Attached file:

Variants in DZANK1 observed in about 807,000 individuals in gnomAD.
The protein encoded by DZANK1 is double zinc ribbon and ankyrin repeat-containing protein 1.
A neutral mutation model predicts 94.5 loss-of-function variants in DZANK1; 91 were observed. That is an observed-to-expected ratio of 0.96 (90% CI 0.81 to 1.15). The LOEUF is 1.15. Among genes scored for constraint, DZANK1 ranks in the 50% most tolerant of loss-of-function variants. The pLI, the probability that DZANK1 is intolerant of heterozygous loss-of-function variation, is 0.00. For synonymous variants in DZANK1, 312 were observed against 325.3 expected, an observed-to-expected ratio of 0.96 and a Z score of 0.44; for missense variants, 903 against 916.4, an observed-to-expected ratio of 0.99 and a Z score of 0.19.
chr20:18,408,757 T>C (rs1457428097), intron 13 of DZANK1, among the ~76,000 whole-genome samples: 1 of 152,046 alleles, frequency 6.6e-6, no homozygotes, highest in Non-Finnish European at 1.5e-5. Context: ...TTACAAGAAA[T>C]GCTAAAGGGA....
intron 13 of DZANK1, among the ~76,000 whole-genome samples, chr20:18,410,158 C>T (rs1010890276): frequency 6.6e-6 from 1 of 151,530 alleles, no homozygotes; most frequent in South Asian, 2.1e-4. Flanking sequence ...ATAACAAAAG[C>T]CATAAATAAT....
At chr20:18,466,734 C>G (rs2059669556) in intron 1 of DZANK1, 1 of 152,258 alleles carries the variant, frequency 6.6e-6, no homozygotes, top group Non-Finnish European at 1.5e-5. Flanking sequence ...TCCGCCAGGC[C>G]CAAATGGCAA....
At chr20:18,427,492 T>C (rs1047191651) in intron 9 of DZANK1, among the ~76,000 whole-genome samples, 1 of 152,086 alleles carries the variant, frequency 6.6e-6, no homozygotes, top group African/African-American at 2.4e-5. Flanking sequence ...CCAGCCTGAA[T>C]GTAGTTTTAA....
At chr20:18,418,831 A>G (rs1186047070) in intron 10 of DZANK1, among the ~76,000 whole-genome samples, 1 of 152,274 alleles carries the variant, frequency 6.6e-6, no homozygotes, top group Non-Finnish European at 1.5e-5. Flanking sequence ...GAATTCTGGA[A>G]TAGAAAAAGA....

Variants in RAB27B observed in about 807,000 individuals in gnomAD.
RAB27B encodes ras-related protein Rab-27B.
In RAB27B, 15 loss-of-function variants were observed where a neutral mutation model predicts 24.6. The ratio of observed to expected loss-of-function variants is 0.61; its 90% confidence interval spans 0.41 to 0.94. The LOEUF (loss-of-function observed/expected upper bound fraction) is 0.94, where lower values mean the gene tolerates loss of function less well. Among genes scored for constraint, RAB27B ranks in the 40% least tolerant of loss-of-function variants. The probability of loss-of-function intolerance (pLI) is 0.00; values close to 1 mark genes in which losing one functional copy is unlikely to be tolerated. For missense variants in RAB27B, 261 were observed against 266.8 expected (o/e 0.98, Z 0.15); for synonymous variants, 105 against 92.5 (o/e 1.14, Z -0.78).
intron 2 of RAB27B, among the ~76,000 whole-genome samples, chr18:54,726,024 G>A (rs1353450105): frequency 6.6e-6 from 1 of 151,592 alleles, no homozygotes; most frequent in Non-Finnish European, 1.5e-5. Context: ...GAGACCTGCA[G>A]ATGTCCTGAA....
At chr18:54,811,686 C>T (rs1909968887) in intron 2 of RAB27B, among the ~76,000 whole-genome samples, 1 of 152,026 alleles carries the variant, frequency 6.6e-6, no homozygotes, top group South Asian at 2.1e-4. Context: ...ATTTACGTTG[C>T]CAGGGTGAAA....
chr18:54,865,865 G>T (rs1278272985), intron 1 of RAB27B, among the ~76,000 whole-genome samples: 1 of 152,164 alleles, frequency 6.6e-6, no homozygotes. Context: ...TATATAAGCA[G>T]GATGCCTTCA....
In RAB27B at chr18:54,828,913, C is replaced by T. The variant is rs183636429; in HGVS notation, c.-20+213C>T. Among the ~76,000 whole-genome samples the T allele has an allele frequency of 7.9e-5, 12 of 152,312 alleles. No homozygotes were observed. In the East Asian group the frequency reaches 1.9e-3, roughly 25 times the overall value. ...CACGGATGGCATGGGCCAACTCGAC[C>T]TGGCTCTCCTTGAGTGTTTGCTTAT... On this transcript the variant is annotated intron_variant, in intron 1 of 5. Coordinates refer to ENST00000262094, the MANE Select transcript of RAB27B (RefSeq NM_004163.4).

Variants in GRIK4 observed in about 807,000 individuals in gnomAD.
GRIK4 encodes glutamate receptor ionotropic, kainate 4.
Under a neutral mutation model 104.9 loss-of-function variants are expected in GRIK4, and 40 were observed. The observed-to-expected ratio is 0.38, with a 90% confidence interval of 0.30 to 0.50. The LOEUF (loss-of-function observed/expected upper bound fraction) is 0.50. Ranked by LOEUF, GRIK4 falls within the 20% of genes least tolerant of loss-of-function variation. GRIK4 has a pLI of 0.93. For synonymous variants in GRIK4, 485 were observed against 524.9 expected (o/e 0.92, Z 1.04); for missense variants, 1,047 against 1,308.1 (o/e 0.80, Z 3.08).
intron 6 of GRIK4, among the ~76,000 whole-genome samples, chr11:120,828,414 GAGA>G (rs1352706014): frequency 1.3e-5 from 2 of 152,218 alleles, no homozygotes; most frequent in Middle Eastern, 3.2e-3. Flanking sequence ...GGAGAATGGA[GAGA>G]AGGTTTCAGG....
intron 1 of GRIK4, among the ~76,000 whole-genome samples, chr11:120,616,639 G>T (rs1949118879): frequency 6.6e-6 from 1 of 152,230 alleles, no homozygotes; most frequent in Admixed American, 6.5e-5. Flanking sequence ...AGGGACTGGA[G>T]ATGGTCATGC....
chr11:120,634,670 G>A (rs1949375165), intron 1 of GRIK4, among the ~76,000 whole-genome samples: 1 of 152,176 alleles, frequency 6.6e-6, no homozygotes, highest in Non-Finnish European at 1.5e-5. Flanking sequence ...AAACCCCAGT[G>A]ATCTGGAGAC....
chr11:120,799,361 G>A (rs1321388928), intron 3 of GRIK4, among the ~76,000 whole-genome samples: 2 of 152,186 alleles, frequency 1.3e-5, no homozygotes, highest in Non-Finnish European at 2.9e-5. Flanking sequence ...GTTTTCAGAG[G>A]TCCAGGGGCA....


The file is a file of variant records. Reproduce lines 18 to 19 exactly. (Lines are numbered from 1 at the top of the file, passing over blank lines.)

Under a neutral mutation model 104.9 loss-of-function variants are expected in GRIK4, and 40 were observed. The observed-to-expected ratio is 0.38, with a 90% confidence interval of 0.30 to 0.50. The LOEUF (loss-of-function observed/expected upper bound fraction) is 0.50. Ranked by LOEUF, GRIK4 falls within the 20% of genes least tolerant of loss-of-function variation. GRIK4 has a pLI of 0.93. For synonymous variants in GRIK4, 485 were observed against 524.9 expected (o/e 0.92, Z 1.04); for missense variants, 1,047 against 1,308.1 (o/e 0.80, Z 3.08).
intron 6 of GRIK4, among the ~76,000 whole-genome samples, chr11:120,828,414 GAGA>G (rs1352706014): frequency 1.3e-5 from 2 of 152,218 alleles, no homozygotes; most frequent in Middle Eastern, 3.2e-3. Flanking sequence ...GGAGAATGGA[GAGA>G]AGGTTTCAGG....